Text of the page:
Gosh, atrial fibrillation can be hard to treat.
He lay in the ER bed with a light sweat, and an obvious discomfort from the rapid heart rate and high blood pressure. He is my age. The belly protrudes from a too small XL tee shirt, there is week old facial hair, and he looks up at me from under the bill of one of those foamy baseball hats with an NFL logo. It is his fourth, or fifth, or sixth admission for atrial fibrillation. Many good doctors have tried previously, but now an electrophysiologist gets the call, like an “expert” can magically modify behaviour.
Middle age can hit hard. There was a good job, but now this is gone. A divorce, and 12 daily beers poke at an already inflamed heart. Of course, he has no insurance, and thus, there has been no follow-up since the last discharge weeks ago. A measure of the blood thinner, the INR (should be 2.0-3.0), is greater than 10 –just a hair less than the mice in my house which I have not seen since laying out the dish of green coumarin pellets. No job or insurance precludes buying all his medicine, and the heart races.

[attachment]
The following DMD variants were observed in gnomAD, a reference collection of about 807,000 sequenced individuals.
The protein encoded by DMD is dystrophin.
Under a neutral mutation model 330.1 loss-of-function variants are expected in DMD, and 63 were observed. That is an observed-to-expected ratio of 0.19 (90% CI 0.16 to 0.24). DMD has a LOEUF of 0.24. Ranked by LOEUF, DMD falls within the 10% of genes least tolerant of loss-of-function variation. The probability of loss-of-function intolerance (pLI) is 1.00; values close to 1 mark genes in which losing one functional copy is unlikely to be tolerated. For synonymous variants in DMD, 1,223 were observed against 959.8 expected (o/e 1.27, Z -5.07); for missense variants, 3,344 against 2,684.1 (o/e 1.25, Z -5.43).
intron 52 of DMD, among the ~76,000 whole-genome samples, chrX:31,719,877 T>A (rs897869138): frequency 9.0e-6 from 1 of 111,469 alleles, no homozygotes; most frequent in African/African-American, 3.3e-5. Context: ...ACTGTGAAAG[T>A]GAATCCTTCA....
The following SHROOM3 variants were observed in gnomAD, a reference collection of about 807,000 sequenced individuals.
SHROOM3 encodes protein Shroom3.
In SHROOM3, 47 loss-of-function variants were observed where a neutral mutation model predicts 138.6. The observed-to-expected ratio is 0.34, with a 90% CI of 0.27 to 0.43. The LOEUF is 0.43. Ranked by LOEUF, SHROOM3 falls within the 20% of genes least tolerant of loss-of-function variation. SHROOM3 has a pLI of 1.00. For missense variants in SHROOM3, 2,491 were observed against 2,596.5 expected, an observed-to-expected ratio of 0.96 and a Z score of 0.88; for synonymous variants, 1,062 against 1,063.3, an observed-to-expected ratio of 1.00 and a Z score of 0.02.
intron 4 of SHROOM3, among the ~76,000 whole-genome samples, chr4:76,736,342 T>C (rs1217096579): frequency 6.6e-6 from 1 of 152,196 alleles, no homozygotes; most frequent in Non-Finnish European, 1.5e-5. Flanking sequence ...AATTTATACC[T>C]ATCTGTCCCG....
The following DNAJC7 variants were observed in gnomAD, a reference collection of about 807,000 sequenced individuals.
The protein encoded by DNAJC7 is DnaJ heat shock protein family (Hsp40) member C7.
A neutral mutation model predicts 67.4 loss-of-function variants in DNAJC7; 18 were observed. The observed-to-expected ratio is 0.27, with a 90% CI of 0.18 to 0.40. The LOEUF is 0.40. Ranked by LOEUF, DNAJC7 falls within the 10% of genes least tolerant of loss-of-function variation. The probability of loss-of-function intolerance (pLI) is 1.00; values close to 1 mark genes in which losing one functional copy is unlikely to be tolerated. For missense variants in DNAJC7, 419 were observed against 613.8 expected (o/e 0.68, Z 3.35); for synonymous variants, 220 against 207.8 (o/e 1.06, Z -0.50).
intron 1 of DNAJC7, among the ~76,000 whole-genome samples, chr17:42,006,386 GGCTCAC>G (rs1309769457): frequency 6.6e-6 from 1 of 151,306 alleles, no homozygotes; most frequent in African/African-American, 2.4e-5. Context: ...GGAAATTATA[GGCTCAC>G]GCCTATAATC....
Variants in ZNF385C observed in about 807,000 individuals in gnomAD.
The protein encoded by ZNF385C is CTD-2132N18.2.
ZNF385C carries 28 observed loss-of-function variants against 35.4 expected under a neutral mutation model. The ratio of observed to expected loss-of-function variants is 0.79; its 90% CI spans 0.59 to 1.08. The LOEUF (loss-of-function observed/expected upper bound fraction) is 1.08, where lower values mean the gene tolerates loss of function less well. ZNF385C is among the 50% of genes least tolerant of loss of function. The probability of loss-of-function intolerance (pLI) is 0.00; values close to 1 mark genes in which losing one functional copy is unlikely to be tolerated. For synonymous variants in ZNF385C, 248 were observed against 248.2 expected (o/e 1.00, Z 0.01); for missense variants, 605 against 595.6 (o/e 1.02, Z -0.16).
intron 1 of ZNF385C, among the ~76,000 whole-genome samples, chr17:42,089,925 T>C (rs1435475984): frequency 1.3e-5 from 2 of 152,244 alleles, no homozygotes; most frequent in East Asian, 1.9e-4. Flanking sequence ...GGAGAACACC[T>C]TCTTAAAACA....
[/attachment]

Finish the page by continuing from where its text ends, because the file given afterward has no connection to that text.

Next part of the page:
Minutes before in the doctors lounge at lunch, for some unclear reason, the TV was unusually loud. President Obama was thumping the podium on the importance of passing healthcare reform, like doing so will spontaneously heal many.
“Doc, I am turning my life around. I am done with the beer, and committed to helping myself.”
Ok, we will try again.
The moral of this story: any chance of success in treating AF requires a cooperative patient, and insurance to pay for the basics. I may have the tools, and knowledge to help, but like a broken chain on an expensive bicycle, without mutual cooperation from the patient, moving forward is impossible.